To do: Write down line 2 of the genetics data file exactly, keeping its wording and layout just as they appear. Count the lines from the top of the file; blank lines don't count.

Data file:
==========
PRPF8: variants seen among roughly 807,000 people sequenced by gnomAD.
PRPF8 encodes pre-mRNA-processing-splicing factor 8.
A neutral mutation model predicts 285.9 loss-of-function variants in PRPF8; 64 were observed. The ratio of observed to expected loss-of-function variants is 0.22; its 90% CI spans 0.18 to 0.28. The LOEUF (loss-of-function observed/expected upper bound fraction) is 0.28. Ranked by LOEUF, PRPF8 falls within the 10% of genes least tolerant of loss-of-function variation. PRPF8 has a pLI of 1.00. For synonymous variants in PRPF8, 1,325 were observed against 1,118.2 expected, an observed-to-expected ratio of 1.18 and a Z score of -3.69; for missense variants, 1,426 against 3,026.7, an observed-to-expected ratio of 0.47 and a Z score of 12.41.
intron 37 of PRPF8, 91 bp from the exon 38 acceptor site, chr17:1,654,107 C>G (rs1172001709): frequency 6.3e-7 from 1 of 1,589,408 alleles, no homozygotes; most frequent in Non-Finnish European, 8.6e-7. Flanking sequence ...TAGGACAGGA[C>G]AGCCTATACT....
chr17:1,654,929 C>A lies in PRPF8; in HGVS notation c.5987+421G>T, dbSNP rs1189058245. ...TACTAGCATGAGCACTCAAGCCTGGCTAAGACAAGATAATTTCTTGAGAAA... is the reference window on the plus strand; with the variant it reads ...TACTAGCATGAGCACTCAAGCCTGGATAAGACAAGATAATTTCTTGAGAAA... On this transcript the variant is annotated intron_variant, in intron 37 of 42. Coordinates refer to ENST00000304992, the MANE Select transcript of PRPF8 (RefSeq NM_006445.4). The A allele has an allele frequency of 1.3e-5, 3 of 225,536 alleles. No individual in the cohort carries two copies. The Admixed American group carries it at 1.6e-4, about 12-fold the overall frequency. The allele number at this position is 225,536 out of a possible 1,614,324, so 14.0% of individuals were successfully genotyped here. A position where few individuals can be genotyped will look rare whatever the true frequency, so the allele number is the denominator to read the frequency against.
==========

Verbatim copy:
PRPF8 encodes pre-mRNA-processing-splicing factor 8.